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Government Outreach

Ambassador Pavlos Anastasiades briefs students at Cyprus Embassy Suresh Kumar, Director General, US & Foreign Commercial Service

With over a third of Patterson School graduates contemplating public service careers, it is important for students to become deeply aware of how government actually functions in the international sphere. This is accomplished through regular class work and a careful mix of on-campus and off-campus outreach activities.

Government officials comprise a significant portion of speakers and visitors coming to the Patterson School each year. These officials may be foreign or domestic, civilian or military, at the peak of their profession or at the very beginning. Their presentations and interaction with students provide invaluable personal insight into the effective conduct of political and economic statecraft.

John McLaughlin, former CIA Deputy Director

Like corporate visits, trips to government headquarters and operations offer unique perspectives on the myriad tasks advanced by civil servants. Spending a day exploring how federal agencies operate the US-Canadian border, or observing training for American and foreign officials in how to safeguard nuclear facilities and respond to potential incidents, can be simultaneously enlightening and frightening. The same can be said of seeing CDC’s Emergency Operations Center in action. Designed to respond 24/7 to pandemics and other global health crises, the actions of these watch officers can impact the lives of millions.

Mexican Consul General in Atlanta Ricardo Camara Sanchez

Other activities range from attending the State Department's noon press briefing in Washington, D.C. and sitting with planners at the Pentagon to dropping by an Embassy or Consulate to huddle with the Ambassador or Consul General. There is an art to how press spokesmen parry reporters' questions and keep on message and a science to Department of Defense budget planning that really only becomes clear when witnessed firsthand. Foreign diplomats assigned to missions in the US are often their country's finest and they frequently provide insights that only those who know us best can divine.

MG H.R. McMaster, Commander Maneuver Center of Excellence

Visiting military bases to hear from senior commanders (like Major General H.R. McMaster) about future strategy or to meet officers and soldiers just back from Afghanistan can be particularly instructive, providing a personal perspective on the challenge and human costs of advancing national interests in war. Recent stops have included nearby Fort Knox and more distant Fort Benning and Wright-Patterson Air Force Base.

All such outreach provides opportunities for government agencies to showcase the range of professional opportunities they offer. The engagement also affords the Patterson School the chance to showcase the considerable talent and expertise of our students. As with corporate visits, such interaction can result in quality internships or career employment.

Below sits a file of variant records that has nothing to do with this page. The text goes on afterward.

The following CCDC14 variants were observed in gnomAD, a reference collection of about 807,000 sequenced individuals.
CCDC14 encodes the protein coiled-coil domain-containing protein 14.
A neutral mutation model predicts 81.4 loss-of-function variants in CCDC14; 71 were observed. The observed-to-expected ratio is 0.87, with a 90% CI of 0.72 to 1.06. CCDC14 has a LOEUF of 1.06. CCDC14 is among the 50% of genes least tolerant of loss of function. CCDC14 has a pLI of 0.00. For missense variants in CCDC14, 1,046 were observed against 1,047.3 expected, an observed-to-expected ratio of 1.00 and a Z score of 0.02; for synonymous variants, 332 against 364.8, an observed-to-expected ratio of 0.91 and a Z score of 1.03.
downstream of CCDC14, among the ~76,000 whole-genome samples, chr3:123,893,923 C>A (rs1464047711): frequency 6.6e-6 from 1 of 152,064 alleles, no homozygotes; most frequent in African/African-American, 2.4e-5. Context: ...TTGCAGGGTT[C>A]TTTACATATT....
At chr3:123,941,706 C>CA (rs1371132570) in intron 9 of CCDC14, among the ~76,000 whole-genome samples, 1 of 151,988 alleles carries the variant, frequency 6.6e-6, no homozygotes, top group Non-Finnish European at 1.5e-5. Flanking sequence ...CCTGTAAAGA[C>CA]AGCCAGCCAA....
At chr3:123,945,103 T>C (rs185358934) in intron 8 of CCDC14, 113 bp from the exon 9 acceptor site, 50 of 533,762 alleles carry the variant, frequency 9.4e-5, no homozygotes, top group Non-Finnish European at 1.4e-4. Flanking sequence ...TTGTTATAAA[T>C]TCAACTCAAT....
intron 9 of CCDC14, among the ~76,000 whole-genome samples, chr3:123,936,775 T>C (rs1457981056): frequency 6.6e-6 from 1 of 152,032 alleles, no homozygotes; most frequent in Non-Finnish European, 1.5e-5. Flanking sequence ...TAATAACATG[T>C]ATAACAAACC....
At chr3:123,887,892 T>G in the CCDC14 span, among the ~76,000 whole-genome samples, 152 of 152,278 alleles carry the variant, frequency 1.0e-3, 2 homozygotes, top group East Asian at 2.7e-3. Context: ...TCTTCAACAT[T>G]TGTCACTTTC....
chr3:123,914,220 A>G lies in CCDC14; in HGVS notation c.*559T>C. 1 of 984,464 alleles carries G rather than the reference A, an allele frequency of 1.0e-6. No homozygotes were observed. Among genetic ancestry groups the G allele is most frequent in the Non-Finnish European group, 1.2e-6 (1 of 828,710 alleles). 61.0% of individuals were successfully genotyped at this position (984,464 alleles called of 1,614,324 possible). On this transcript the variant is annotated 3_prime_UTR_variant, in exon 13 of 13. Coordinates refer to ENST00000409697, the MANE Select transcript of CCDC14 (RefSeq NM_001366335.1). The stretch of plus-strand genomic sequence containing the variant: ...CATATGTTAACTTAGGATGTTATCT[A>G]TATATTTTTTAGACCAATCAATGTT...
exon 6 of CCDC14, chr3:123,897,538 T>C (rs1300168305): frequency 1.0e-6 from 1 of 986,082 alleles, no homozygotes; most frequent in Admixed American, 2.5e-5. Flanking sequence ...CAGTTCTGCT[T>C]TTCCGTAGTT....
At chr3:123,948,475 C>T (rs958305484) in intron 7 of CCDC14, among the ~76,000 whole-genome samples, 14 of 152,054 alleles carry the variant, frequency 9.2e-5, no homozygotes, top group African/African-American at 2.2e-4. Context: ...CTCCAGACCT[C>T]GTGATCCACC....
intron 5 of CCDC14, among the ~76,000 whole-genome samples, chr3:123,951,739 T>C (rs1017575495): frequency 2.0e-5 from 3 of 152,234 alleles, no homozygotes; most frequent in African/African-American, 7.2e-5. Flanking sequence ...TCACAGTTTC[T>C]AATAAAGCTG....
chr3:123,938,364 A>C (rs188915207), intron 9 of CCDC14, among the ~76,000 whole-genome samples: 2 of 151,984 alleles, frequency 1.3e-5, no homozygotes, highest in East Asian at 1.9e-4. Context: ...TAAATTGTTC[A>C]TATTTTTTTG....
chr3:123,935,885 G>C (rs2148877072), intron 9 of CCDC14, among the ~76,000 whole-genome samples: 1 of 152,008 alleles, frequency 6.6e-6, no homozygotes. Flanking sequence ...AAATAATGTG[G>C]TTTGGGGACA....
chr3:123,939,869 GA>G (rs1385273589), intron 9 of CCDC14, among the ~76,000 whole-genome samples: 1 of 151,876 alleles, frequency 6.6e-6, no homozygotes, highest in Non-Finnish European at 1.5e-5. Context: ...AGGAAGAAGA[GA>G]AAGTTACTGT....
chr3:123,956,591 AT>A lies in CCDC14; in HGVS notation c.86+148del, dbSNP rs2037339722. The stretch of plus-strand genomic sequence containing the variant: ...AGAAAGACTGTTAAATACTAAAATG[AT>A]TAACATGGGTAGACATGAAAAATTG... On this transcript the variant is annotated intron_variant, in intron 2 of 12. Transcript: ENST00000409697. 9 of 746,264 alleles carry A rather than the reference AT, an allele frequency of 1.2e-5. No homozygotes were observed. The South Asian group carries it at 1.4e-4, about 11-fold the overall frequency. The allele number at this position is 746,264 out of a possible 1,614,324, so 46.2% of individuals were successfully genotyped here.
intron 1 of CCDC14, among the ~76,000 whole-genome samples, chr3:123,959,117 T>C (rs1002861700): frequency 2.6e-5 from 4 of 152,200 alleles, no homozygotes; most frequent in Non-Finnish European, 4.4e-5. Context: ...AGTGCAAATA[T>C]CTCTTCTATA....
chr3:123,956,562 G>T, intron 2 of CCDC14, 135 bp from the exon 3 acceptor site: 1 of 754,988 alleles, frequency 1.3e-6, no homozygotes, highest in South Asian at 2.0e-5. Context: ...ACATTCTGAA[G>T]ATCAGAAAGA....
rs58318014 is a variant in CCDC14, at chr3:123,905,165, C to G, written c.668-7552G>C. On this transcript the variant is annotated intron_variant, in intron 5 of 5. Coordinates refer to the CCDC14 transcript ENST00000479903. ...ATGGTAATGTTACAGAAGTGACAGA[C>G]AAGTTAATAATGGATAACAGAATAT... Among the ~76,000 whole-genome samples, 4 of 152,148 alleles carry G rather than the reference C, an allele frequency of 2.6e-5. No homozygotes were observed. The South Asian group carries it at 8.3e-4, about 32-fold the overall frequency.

Students at Energy Department's Y-12 National Security Complex – (No cameras or electronic devices permitted inside)
21st Century Fortress for HEU

HEUMF

At Y-12, students see the critical role this DOE facility plays in managing the US nuclear stockpile, providing the Navy with nuclear propulsion, and advancing nonproliferation goals. The new ultra-secure Highly Enriched Uranium Materials Facility is central to that effort. A stop at Oak Ridge National Laboratory completes the picture with the opportunity to see new systems designed to detect HEU at US borders, and even the chance to try out equipment IAEA inspectors use to track down WMD.

Zombie Apocalypse

Zombie Apocalypse

The Centers for Disease Control and Prevention use a hypothetical Zombie apocalypse as a public relations tool, but a visit to CDC Headquarters in Atlanta makes clear that Zombies are the least of our worries. H1N1, anthrax, and a host of other pathogens, pose a far more serious danger to the planet. So too do the health consequences of tsunamis, hurricanes, and other natural disasters. CDC officials show Patterson students how they help coordinate global responses to pandemics, bioterrorism, and other emergencies. Key is proper leadership, communication and preparation. Their EOC provides the technical means, but it is CDC experts at headquarters and investigators and staff assigned to 50+ countries and international organizations that make protecting global public health possible. With 1,415 pathogens known to infect humans, this remains an enormous challenge. *

CDC Emergency Operations Center, Atlanta

*Zoonoses and vectors are far tougher to handle than Zombies. For the latter, just follow standard Zombieland Rules: Cardio, Beware of Bathrooms, Seat Belts, Check The Back Seat, Travel Light, Get A Kickass Partner, Don't Be A Hero, and, of course, Double Tap.

 

Patterson School | 455 POT, University of Kentucky, Lexington, KY 40506-0027 | 859-257-4666

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